The main candidates in Sunday's German election have made final appeals to undecided voters. Chancellor Angela Merkel lobbied in Berlin while Social Democrat rival Peer Steinbrück campaigned in Frankfurt.
Germany's election outcome remained unpredictable on election eve Saturday, with polls showing Merkel's coalition allies the pro-business Free Democrats hovering at the 5 percent threshold for parliamentary representation.
Speculation continued that Merkel's conservatives could end up forming a grand coalition with the center-left opposition Social Democrats (SPD) headed by Steinbrück, who himself favors the Greens. Pre-election surveys put Merkel's conservatives 13 percent ahead of the SPD.
Merkel defends EU
Merkel on Saturday addressed 4,000 of her conservative supporters in Berlin, telling them she needed a "strong mandate," before heading to the Baltic Sea port city of Stralsund to appeal to voters in her home electorate.
Before departing Berlin, she said she wanted to continue leading Europe's biggest economy as "your chancellor for another four years." She spent half of her speech defending the European Union.
"In the coming years we must keeping working for the success of this wonderful continent," she said to loud applause.
She also acknowledged that "lots of people won't make up their mind until the last minute."
"Yes, it will be close," Merkel later told a crowd of 2,000 in Stralsund, referring to the race for the 598-seat federal parliament, the Bundestag.
Steinbrück highlights social imbalance
Visiting Frankfurt on his final campaign day, Steinbrück answered voters' questions on his calls for a standard minimum wage and his accusations that under Merkel Germany has witnessed a worsening gap between rich and poor.
He echoed Merkel in defending the euro against euroskeptics, but slammed Merkel's governance of the past four years.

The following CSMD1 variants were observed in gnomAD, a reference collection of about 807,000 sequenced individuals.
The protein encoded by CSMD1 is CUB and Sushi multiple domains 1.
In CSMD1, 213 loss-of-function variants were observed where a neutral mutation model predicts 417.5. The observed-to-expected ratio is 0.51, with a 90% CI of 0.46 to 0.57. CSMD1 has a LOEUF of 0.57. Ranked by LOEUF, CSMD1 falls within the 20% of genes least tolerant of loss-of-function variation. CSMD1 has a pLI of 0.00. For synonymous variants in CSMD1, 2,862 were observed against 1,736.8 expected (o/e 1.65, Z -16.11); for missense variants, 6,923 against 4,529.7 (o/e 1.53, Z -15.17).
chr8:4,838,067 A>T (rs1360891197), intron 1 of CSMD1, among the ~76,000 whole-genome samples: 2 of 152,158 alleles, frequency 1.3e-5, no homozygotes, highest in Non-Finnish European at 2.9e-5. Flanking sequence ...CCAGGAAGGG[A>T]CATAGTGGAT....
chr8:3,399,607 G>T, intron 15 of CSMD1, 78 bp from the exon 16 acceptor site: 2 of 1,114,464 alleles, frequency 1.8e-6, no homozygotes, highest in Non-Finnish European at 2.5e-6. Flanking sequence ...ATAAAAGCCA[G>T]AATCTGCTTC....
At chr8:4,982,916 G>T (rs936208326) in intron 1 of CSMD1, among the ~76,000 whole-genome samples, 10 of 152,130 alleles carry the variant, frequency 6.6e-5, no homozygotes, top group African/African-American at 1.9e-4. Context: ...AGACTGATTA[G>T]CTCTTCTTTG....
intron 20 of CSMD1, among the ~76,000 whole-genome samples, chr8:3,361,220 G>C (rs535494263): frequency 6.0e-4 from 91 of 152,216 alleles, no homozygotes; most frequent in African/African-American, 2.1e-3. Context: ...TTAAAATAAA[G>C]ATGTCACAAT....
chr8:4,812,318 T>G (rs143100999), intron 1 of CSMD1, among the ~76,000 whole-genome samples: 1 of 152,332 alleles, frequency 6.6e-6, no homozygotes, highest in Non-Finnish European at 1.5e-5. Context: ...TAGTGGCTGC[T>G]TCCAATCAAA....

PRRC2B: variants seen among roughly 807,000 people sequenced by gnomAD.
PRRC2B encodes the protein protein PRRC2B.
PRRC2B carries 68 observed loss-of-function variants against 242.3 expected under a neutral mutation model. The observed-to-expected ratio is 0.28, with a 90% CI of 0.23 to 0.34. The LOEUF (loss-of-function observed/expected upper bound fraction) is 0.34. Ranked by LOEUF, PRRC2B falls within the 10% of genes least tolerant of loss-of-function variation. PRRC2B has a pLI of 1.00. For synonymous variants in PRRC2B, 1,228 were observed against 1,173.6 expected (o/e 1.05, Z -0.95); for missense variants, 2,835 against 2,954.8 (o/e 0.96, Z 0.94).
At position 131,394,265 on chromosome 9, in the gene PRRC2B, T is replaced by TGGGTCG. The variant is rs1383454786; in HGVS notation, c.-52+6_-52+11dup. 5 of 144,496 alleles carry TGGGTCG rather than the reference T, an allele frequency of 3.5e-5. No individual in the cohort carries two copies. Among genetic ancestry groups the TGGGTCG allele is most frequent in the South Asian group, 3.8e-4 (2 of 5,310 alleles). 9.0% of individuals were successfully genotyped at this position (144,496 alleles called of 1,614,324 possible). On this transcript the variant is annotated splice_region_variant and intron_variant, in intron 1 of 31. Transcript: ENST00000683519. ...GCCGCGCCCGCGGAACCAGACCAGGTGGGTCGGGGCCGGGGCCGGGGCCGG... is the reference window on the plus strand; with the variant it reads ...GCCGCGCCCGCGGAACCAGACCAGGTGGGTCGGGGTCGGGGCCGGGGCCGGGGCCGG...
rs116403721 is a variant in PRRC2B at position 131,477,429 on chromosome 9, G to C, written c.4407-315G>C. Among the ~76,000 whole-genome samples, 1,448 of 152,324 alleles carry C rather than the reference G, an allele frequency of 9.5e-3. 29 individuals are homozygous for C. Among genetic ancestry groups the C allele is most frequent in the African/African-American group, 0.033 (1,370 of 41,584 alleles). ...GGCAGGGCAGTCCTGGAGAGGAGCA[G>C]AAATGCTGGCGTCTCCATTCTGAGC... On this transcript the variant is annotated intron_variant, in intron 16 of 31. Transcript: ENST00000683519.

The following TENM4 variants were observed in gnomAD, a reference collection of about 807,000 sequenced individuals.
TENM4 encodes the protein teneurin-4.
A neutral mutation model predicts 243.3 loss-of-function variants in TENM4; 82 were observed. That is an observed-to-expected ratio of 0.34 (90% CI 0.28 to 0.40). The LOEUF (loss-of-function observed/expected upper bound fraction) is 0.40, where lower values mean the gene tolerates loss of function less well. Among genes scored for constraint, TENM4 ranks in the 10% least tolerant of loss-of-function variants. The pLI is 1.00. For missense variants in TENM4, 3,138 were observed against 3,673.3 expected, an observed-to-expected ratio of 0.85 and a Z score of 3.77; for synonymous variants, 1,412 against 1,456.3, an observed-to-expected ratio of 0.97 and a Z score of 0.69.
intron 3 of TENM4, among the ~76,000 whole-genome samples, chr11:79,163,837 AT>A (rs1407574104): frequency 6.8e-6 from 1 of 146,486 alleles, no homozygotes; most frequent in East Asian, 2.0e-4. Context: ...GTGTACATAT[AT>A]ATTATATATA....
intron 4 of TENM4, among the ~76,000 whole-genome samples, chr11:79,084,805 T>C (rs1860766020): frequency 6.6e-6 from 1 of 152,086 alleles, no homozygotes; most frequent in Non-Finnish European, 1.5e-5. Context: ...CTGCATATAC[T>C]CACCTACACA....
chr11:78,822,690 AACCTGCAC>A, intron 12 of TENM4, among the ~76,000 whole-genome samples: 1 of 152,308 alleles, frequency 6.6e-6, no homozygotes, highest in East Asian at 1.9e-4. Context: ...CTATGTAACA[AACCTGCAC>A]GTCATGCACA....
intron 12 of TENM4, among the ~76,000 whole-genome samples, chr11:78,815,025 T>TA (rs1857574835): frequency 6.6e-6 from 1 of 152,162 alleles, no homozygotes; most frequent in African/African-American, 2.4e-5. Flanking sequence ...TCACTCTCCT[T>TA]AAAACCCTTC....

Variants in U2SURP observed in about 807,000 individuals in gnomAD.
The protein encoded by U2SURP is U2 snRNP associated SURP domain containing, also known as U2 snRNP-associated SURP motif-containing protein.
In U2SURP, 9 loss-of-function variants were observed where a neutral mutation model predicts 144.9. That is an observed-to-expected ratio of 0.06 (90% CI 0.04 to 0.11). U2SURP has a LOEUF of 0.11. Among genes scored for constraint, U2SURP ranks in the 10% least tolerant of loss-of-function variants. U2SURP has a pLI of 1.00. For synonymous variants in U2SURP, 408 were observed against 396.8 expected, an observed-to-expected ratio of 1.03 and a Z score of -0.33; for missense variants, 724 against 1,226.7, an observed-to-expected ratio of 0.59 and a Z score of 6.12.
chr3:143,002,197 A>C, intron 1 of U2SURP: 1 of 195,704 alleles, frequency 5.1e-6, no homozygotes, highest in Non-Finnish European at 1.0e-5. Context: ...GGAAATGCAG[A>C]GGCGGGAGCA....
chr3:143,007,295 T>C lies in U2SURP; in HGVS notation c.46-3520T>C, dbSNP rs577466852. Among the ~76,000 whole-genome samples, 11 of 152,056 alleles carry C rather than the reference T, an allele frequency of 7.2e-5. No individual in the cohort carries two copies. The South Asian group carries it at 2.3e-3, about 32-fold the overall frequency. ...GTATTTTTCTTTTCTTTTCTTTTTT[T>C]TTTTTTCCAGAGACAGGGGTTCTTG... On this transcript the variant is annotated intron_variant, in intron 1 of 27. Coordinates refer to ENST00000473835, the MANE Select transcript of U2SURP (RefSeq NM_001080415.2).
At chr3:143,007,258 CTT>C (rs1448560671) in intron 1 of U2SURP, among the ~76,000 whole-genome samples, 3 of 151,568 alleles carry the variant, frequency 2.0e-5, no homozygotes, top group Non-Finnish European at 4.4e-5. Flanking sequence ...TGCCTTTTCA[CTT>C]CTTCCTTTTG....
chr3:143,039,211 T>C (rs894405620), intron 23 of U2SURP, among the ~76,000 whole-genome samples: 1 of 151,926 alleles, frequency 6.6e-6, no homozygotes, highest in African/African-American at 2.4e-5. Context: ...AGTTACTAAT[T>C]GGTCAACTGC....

"You can get rid of the most backward-looking, least capable, most loud-mouthed German government since reunification," Steinbrück said.
Between 2005 and 2009, Steinbrück served as SPD finance minister in a Merkel-led grand coalition. Welfare and labor market changes cost the SPD millions of voters in 2009, when Merkel won and sided with the FDP.
He spoke as electioneering also continued in Germany's commercial center for a parallel election on Sunday to pick the next assembly of the surrounding regional state Hesse. Its assembly is located in Wiesbaden.
Poll 'not decided,' say Greens
Greens' leading candidate, Katrin Göring Eckardt told a rally in Berlin late Friday that despite declining survey results Sunday's election outcome was "still absolutely not decided."
Her co-lead-candidate Jürgen Trittin said the Greens were aiming for a better result than the 10.7 percent garnered in Germany's 2009 federal election.
Berlin Free University political scientist Gero Neugebauer said doubts remained about a continuation of Merkel's existing coalition, comprising her Christian Democrats (CDU), Bavarian Christian Social Union (CSU) and the liberal FDP.
Two new surveys published Friday placed Merkel's existing coalition in a dead heat at 45 to 45 percent, facing - mathematically at least - a center-left array of SPD, Greens and the Left. Pre-election surveys have, however, also shown up to a third of voters undecided.
On their own, Merkel's CDU and Bavarian CSU allies could amass 40 percent, according to surveys. The opposition SPD is on about 26 percent and its preferred partner the Greens on nine percent. The Left is also put at 9 percent.
The FDP, stung by 3.3 percent and its regional assembly exit in Bavaria's state election last weekend, has spend the final week urging voters nationwide to "split" their ballot by casting constituency vote for Merkel but donate their second or party "list-vote" to keep the liberals in the federal parliament.
Merkel and other senior conservatives have dismissed the liberal's tactical move, urging instead that conservatives vote for Merkel and her CDU/CSU alliance.
Bavaria's Seehofer slams FDP campaign
Bavarian leader Horst Seehofer, whose CSU savored 47.7 percent in last Sunday's southern election, demanded on Saturday that the FDP drop its second "list-vote" campaign.
Undeterred, Foreign Minister and former FDP leader Guido Westerwelle lobbied conservatives to donate their second votes during a FDP rally in Düsseldorf.
Lying in surveys under the 5-percent hurdle are the once-prominent Internet-savvy Pirates and the new euroskeptic Alternative for Germany (AfD) on 4 percent.
Sunday's election involves 61.8 million registered voters holding German nationality and a total of 34 parties. Among them are 3 million first-time voters who have turned 18 since the last general election in 2009.
ipj/rc (AFP, dpa, Reuters)